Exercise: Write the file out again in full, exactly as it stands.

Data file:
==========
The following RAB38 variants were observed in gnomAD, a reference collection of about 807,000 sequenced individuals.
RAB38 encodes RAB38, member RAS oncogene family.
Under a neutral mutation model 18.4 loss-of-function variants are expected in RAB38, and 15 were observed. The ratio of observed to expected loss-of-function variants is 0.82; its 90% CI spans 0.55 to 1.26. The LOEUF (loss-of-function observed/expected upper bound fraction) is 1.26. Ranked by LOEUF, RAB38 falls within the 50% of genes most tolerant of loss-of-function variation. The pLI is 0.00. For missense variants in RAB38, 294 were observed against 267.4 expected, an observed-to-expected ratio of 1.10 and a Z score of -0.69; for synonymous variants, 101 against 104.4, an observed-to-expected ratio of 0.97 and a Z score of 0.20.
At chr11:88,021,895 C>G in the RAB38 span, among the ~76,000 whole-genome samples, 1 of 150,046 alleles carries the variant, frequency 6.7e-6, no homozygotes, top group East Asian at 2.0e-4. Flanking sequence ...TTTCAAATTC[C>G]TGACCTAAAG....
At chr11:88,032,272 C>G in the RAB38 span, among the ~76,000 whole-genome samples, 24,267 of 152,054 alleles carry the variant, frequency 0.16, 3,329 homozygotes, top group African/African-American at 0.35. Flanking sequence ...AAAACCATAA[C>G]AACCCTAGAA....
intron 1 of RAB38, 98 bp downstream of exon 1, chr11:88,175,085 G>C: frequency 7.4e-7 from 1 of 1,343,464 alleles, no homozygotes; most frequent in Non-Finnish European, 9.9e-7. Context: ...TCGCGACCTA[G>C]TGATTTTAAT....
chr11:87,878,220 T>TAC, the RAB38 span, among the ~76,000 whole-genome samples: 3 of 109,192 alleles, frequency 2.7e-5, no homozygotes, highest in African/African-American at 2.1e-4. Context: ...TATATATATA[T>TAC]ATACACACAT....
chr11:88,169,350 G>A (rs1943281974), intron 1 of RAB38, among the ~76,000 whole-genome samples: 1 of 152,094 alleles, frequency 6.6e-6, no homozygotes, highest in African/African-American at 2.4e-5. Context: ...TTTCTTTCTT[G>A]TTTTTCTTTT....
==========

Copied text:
The following RAB38 variants were observed in gnomAD, a reference collection of about 807,000 sequenced individuals.
RAB38 encodes RAB38, member RAS oncogene family.
Under a neutral mutation model 18.4 loss-of-function variants are expected in RAB38, and 15 were observed. The ratio of observed to expected loss-of-function variants is 0.82; its 90% CI spans 0.55 to 1.26. The LOEUF (loss-of-function observed/expected upper bound fraction) is 1.26. Ranked by LOEUF, RAB38 falls within the 50% of genes most tolerant of loss-of-function variation. The pLI is 0.00. For missense variants in RAB38, 294 were observed against 267.4 expected, an observed-to-expected ratio of 1.10 and a Z score of -0.69; for synonymous variants, 101 against 104.4, an observed-to-expected ratio of 0.97 and a Z score of 0.20.
At chr11:88,021,895 C>G in the RAB38 span, among the ~76,000 whole-genome samples, 1 of 150,046 alleles carries the variant, frequency 6.7e-6, no homozygotes, top group East Asian at 2.0e-4. Flanking sequence ...TTTCAAATTC[C>G]TGACCTAAAG....
At chr11:88,032,272 C>G in the RAB38 span, among the ~76,000 whole-genome samples, 24,267 of 152,054 alleles carry the variant, frequency 0.16, 3,329 homozygotes, top group African/African-American at 0.35. Flanking sequence ...AAAACCATAA[C>G]AACCCTAGAA....
intron 1 of RAB38, 98 bp downstream of exon 1, chr11:88,175,085 G>C: frequency 7.4e-7 from 1 of 1,343,464 alleles, no homozygotes; most frequent in Non-Finnish European, 9.9e-7. Context: ...TCGCGACCTA[G>C]TGATTTTAAT....
chr11:87,878,220 T>TAC, the RAB38 span, among the ~76,000 whole-genome samples: 3 of 109,192 alleles, frequency 2.7e-5, no homozygotes, highest in African/African-American at 2.1e-4. Context: ...TATATATATA[T>TAC]ATACACACAT....
chr11:88,169,350 G>A (rs1943281974), intron 1 of RAB38, among the ~76,000 whole-genome samples: 1 of 152,094 alleles, frequency 6.6e-6, no homozygotes, highest in African/African-American at 2.4e-5. Context: ...TTTCTTTCTT[G>A]TTTTTCTTTT....